One Step Forward, Two Steps Back: Ukraine’s Missteps on Protecting the Rights of LGBT People

By Dylan Rasnick

In mid-March, Equality Festival Lviv was forced to cancel its weekend events because venues retracted sponsorship, the local government banned all public events, and masked assailants issued an anonymous bomb threat. While this event was meant for all social minority groups, the festival ignited a dialogue of hate protesting against LGBT people’s inclusion.

Ukraine has seen its fair share of LGBT rights abuses, with violence erupting at previous LGBT pride events. The country received just a 12 percent rating from the International Lesbian, Gay, Bisexual, Trans and Intersex Association-Europe (ILGA-Europe), which measures a country’s level of equality based on its legislation. Religious leaders, conservative groups, and some members of parliament openly express anti-LGBT sentiment.

But Ukraine has also made some positive strides towards protecting minority groups’ rights. In November, Ukraine passed an employment nondiscrimination law that specifically bans discrimination based on sexual orientation. While this progressive legislation is encouraging, the recent violence in Lviv underscores the serious issues that remain.

The local authorities failed to promise protection after threats against the festival, contributing to its cancellation. At least two individuals trying to attend were severely beaten. Police failed to investigate.  This represents a regressive step since police forces protected participants from protestors at last year’s Pride March in Kiev.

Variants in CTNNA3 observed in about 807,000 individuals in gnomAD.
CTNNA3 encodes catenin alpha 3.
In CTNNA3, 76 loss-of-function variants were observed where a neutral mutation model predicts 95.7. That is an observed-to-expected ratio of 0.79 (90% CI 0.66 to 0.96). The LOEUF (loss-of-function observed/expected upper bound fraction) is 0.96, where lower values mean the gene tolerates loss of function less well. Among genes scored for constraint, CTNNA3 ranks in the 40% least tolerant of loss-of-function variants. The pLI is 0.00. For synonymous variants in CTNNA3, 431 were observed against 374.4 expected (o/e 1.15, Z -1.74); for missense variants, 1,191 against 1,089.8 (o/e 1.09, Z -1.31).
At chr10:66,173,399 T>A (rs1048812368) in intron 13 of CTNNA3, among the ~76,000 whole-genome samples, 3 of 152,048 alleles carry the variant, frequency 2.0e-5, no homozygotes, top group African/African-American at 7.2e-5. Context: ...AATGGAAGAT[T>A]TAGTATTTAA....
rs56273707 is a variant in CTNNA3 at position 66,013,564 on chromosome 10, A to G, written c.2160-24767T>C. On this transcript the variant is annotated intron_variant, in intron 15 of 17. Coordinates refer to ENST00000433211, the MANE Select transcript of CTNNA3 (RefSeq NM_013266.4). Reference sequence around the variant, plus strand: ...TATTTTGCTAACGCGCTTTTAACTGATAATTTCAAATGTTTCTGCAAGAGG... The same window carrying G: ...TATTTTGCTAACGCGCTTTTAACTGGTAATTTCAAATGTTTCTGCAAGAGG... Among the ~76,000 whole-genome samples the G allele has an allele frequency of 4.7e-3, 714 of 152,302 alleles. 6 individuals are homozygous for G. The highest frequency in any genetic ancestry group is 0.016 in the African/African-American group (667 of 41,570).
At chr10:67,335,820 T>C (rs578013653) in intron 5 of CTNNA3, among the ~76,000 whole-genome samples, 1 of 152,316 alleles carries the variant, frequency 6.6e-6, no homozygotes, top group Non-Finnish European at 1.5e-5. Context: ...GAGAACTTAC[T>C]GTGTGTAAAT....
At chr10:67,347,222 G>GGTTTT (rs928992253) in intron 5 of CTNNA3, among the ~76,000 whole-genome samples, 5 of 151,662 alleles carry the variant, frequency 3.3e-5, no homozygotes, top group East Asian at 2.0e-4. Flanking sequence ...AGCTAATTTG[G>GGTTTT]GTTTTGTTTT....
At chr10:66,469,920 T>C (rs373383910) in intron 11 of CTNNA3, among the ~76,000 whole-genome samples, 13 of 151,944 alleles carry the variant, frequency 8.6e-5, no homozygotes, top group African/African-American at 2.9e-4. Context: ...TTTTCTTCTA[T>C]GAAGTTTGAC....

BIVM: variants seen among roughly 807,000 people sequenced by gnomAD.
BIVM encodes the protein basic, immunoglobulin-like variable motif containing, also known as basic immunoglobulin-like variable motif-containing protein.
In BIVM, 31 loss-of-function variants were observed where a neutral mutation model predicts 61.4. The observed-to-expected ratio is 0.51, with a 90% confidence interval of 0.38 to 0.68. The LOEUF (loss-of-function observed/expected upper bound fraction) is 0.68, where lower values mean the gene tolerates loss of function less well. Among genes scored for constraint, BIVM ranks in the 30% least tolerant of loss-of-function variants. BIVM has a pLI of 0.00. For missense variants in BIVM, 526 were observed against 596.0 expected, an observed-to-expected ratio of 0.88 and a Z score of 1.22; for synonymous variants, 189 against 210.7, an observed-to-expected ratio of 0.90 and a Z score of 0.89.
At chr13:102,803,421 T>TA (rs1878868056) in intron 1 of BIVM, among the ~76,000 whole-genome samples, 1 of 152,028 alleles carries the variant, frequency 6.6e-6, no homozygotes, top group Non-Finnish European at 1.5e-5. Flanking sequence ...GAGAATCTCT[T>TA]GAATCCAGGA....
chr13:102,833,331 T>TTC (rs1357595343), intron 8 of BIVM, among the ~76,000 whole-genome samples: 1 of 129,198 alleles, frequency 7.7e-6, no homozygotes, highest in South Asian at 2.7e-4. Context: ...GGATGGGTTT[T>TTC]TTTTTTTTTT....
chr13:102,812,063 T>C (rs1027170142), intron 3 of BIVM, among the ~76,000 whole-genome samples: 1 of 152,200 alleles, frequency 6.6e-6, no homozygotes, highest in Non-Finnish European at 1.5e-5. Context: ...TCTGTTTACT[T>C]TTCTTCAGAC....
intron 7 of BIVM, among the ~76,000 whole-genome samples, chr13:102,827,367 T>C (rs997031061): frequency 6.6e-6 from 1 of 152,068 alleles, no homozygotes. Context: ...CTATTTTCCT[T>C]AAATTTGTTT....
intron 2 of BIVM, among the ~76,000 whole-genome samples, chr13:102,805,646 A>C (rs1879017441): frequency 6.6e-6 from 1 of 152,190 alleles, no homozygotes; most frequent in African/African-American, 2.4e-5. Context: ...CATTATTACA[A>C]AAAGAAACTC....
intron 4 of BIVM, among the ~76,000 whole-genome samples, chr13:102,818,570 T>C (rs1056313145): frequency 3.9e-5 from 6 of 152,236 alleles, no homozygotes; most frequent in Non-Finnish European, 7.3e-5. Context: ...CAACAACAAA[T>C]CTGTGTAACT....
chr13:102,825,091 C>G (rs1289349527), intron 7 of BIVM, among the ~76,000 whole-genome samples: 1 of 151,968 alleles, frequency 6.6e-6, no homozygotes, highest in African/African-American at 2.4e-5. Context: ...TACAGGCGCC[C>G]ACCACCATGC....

But civil society activists are working tirelessly to ensure the advancement of the human rights of LGBT people. In a response to the events of the weekend, Olena Shevchenko, executive director of Ukrainian NGO Insight, writes that the organization, “will still defend the freedoms and equality for all people – without exceptions and limitations.” She affirmed that LGBT activists will continue to plan events like the Equality Festival in the future.

As LGBT Pride Month quickly approaches, the violence in Lviv is of particular concern. The Ukrainian government should make good on its commitment to protecting the rights of LGBT people. Simply enacting legislation is not enough. Instead, the Ukrainian government should actively commit to promoting the rights and freedoms of all people—regardless of sexual orientation or gender identity.

The Ukrainian government should take the necessary steps to ensure supporting future events like Equality Festival go forward unencumbered, guaranteeing the security of participants, and condemning future violence. The U.S. government should support and protect the efforts of activists like Shevchenko, and dialogue with its Ukrainian counterparts to ensure they support the basic rights and freedoms of LGBT Ukrainians. U.S. support for civil society activists would help ensure Ukraine’s recent advancements in protecting the human rights of LGBT people are not marred by violence and intolerance.


Published on March 31, 2016


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